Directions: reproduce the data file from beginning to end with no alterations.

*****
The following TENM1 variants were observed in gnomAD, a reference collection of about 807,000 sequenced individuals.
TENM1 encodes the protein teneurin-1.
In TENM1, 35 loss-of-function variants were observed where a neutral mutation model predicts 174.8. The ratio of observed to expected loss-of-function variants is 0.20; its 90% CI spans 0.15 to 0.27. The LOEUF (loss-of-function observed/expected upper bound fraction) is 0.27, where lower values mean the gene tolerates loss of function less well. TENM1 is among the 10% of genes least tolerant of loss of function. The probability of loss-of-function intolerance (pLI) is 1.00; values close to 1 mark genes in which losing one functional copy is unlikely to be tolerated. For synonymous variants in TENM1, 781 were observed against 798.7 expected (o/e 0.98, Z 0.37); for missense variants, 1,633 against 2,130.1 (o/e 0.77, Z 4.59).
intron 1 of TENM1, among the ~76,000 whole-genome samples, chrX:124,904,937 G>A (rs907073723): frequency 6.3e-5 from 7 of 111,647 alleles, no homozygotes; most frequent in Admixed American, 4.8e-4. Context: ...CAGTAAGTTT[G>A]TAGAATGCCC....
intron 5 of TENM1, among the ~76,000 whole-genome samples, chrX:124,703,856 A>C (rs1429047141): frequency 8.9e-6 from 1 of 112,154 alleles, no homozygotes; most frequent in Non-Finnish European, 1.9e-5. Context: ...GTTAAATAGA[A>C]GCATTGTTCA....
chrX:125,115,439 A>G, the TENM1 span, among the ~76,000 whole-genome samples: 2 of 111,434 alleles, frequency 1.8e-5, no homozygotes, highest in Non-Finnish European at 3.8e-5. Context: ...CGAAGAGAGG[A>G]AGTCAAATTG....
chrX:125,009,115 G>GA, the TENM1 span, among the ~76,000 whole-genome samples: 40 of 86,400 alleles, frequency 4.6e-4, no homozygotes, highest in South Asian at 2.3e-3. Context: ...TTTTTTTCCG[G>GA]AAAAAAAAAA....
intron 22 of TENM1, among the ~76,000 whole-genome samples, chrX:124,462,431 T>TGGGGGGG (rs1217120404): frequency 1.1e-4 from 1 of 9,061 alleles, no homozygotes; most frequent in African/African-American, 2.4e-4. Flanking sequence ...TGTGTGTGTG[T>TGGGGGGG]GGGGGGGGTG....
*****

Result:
The following TENM1 variants were observed in gnomAD, a reference collection of about 807,000 sequenced individuals.
TENM1 encodes the protein teneurin-1.
In TENM1, 35 loss-of-function variants were observed where a neutral mutation model predicts 174.8. The ratio of observed to expected loss-of-function variants is 0.20; its 90% CI spans 0.15 to 0.27. The LOEUF (loss-of-function observed/expected upper bound fraction) is 0.27, where lower values mean the gene tolerates loss of function less well. TENM1 is among the 10% of genes least tolerant of loss of function. The probability of loss-of-function intolerance (pLI) is 1.00; values close to 1 mark genes in which losing one functional copy is unlikely to be tolerated. For synonymous variants in TENM1, 781 were observed against 798.7 expected (o/e 0.98, Z 0.37); for missense variants, 1,633 against 2,130.1 (o/e 0.77, Z 4.59).
intron 1 of TENM1, among the ~76,000 whole-genome samples, chrX:124,904,937 G>A (rs907073723): frequency 6.3e-5 from 7 of 111,647 alleles, no homozygotes; most frequent in Admixed American, 4.8e-4. Context: ...CAGTAAGTTT[G>A]TAGAATGCCC....
intron 5 of TENM1, among the ~76,000 whole-genome samples, chrX:124,703,856 A>C (rs1429047141): frequency 8.9e-6 from 1 of 112,154 alleles, no homozygotes; most frequent in Non-Finnish European, 1.9e-5. Context: ...GTTAAATAGA[A>C]GCATTGTTCA....
chrX:125,115,439 A>G, the TENM1 span, among the ~76,000 whole-genome samples: 2 of 111,434 alleles, frequency 1.8e-5, no homozygotes, highest in Non-Finnish European at 3.8e-5. Context: ...CGAAGAGAGG[A>G]AGTCAAATTG....
chrX:125,009,115 G>GA, the TENM1 span, among the ~76,000 whole-genome samples: 40 of 86,400 alleles, frequency 4.6e-4, no homozygotes, highest in South Asian at 2.3e-3. Context: ...TTTTTTTCCG[G>GA]AAAAAAAAAA....
intron 22 of TENM1, among the ~76,000 whole-genome samples, chrX:124,462,431 T>TGGGGGGG (rs1217120404): frequency 1.1e-4 from 1 of 9,061 alleles, no homozygotes; most frequent in African/African-American, 2.4e-4. Flanking sequence ...TGTGTGTGTG[T>TGGGGGGG]GGGGGGGGTG....